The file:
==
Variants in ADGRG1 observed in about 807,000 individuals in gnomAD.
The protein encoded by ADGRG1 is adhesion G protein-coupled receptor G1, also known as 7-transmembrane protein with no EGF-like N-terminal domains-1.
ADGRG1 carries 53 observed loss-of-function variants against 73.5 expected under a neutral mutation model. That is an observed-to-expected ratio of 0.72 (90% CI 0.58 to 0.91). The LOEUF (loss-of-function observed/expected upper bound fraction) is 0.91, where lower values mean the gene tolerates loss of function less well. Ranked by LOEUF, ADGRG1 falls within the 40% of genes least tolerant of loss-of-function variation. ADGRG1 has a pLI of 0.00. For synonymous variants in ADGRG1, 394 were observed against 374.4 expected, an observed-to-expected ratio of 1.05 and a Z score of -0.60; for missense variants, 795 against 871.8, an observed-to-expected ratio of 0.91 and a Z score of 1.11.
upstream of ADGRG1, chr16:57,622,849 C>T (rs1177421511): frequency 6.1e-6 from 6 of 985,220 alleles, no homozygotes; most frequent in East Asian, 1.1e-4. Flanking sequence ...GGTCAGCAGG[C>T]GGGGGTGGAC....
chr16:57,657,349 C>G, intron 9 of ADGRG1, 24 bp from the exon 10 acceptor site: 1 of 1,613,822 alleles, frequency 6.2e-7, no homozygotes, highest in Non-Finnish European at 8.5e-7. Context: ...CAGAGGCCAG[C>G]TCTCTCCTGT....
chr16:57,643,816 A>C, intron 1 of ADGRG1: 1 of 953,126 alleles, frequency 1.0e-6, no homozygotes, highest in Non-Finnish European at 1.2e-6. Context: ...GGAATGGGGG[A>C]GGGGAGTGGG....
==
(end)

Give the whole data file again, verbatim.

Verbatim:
Variants in ADGRG1 observed in about 807,000 individuals in gnomAD.
The protein encoded by ADGRG1 is adhesion G protein-coupled receptor G1, also known as 7-transmembrane protein with no EGF-like N-terminal domains-1.
ADGRG1 carries 53 observed loss-of-function variants against 73.5 expected under a neutral mutation model. That is an observed-to-expected ratio of 0.72 (90% CI 0.58 to 0.91). The LOEUF (loss-of-function observed/expected upper bound fraction) is 0.91, where lower values mean the gene tolerates loss of function less well. Ranked by LOEUF, ADGRG1 falls within the 40% of genes least tolerant of loss-of-function variation. ADGRG1 has a pLI of 0.00. For synonymous variants in ADGRG1, 394 were observed against 374.4 expected, an observed-to-expected ratio of 1.05 and a Z score of -0.60; for missense variants, 795 against 871.8, an observed-to-expected ratio of 0.91 and a Z score of 1.11.
upstream of ADGRG1, chr16:57,622,849 C>T (rs1177421511): frequency 6.1e-6 from 6 of 985,220 alleles, no homozygotes; most frequent in East Asian, 1.1e-4. Flanking sequence ...GGTCAGCAGG[C>T]GGGGGTGGAC....
chr16:57,657,349 C>G, intron 9 of ADGRG1, 24 bp from the exon 10 acceptor site: 1 of 1,613,822 alleles, frequency 6.2e-7, no homozygotes, highest in Non-Finnish European at 8.5e-7. Context: ...CAGAGGCCAG[C>G]TCTCTCCTGT....
chr16:57,643,816 A>C, intron 1 of ADGRG1: 1 of 953,126 alleles, frequency 1.0e-6, no homozygotes, highest in Non-Finnish European at 1.2e-6. Context: ...GGAATGGGGG[A>C]GGGGAGTGGG....